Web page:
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A chronic total occlusion (CTO) is defined as complete occlusion of the coronary vessel with TIMI 0 flow, present for an (estimated) duration of ≥3 months. In patients with significant coronary artery disease (defined as at least one major epicardial vessel with a stenosis ≥70%), a CTO is common and found in approximately half of such patients.1 Importantly, the presence of a CTO has a major impact on management, and is a strong predictor against recommending percutaneous coronary intervention (PCI), with a preference for medical treatment or coronary artery bypass surgery (CABG).1 This relates to perceived difficulties in recanalisation; however, in recent years, through advances in specialist equipment and techniques, expert operators have significantly improved recanalisation rates leading to a resurgence of interest in CTO PCI. The purpose of this article is to review the available clinical data and discuss the contemporary management of CTOs by PCI.
Why is it beneficial to open a CTO?
Multiple studies have demonstrated that successful CTO PCI improves quality of life, through reducing symptoms of angina, improving exercise capacity, improving left ventricular function, and reducing the need for subsequent CABG.2 3 w1 Furthermore, multiple registries have demonstrated that successful CTO PCI is associated with improved long term survival compared to patients with an unsuccessful PCI (table 1),3 4 w1–3 with some data suggesting that this is particularly the case for left anterior descending artery occlusions.w4–6 The benefit in outcome is only partly explained by adverse events directly associated with an unsuccessful procedure, and appears to relate to fewer events occurring at long term follow-up. The potential reasons for this are poorly defined but possibly include a reduction in ischaemia driven arrhythmia. Certainly patients undergoing primary PCI for ST elevation myocardial infarction (STEMI) …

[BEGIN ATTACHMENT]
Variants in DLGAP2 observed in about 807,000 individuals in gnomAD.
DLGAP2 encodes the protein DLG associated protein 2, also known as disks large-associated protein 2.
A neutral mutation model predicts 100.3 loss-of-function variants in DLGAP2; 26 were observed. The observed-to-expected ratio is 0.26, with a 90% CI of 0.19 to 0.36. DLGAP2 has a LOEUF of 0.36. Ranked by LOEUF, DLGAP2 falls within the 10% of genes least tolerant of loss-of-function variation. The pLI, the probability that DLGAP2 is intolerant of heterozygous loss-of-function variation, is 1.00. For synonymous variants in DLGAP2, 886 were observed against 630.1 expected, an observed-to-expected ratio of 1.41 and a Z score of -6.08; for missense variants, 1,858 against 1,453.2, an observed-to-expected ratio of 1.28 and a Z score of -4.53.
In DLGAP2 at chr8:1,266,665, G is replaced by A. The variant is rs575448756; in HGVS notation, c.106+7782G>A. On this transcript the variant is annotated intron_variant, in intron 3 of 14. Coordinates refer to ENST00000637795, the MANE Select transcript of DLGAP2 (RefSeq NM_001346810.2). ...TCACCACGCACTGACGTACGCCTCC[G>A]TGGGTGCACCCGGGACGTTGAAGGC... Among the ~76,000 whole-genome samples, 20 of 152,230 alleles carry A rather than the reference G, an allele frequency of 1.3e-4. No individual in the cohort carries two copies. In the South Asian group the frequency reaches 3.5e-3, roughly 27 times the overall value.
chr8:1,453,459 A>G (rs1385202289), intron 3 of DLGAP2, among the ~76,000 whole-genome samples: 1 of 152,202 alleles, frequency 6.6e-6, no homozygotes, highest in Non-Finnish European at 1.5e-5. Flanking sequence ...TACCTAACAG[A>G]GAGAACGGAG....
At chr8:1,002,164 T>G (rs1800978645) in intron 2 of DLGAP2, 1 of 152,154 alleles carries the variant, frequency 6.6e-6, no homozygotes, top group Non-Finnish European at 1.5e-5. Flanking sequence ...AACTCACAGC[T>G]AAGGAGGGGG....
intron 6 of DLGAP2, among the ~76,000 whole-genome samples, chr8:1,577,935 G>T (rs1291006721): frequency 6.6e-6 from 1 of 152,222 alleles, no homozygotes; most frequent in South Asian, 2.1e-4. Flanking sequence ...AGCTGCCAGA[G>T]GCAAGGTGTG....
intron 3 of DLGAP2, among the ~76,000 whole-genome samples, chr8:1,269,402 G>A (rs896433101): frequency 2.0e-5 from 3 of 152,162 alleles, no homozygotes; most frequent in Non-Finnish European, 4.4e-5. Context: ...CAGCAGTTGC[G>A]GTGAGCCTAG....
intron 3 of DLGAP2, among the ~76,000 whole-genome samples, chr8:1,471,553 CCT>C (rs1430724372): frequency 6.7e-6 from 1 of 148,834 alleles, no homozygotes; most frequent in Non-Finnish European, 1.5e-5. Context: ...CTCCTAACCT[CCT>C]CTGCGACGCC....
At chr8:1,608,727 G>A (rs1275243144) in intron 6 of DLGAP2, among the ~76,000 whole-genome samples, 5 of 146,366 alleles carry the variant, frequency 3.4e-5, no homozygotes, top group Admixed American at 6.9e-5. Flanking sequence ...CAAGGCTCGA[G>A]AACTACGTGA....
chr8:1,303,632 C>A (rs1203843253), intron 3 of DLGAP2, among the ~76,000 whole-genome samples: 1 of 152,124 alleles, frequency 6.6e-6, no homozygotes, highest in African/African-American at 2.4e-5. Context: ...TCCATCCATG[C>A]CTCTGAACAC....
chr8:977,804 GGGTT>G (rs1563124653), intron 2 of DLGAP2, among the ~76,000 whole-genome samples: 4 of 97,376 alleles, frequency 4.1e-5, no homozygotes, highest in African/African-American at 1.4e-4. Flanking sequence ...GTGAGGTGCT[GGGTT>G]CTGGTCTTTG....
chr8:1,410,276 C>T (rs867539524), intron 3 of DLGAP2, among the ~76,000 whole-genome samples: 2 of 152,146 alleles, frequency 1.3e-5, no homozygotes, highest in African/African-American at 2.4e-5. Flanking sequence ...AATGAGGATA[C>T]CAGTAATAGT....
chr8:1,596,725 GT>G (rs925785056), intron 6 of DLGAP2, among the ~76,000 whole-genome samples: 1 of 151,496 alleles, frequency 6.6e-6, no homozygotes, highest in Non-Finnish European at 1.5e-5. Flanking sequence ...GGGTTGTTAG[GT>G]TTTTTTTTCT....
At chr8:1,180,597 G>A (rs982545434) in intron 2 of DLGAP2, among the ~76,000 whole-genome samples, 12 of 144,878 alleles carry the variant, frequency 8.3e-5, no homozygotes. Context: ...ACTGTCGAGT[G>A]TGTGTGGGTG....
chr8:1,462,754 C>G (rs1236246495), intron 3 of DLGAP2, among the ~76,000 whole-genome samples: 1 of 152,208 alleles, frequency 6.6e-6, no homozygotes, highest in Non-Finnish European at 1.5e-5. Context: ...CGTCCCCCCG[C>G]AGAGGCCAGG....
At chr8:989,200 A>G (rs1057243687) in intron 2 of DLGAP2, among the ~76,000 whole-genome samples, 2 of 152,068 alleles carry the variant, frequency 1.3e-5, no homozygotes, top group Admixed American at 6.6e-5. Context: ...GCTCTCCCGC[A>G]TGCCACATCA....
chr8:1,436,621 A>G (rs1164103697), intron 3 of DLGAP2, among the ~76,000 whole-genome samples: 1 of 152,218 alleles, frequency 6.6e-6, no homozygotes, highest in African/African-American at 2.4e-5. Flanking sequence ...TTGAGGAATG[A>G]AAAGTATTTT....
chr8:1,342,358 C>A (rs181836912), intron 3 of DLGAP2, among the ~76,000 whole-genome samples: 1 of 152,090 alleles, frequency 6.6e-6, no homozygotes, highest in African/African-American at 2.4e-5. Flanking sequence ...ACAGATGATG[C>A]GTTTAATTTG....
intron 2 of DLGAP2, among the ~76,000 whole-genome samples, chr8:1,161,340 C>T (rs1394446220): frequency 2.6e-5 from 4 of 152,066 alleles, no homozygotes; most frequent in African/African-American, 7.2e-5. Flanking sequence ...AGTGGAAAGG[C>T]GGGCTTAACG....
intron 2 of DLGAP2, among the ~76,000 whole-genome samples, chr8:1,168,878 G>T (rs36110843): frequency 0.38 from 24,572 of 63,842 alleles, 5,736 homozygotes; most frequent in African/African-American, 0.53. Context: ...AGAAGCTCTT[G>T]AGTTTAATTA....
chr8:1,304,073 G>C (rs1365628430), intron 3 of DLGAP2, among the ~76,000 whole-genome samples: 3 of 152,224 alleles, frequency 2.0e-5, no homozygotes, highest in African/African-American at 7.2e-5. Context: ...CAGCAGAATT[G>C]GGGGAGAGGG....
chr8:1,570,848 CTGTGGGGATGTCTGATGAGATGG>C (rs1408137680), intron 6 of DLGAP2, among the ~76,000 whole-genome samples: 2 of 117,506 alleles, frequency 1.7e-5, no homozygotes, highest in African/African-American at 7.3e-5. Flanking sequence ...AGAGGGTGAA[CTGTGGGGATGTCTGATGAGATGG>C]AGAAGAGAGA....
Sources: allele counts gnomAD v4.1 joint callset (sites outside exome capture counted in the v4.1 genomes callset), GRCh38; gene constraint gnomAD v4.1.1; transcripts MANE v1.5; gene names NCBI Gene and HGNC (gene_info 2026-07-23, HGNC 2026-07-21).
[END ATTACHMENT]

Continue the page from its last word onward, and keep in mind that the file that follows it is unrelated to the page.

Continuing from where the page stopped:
Competing interests In compliance with EBAC/EACCME guidelines, all authors participating in Education in Heart have disclosed potential conflicts of interest that might cause a bias in the article. The author has no competing interests.
Provenance and peer review Commissioned; internally peer reviewed.
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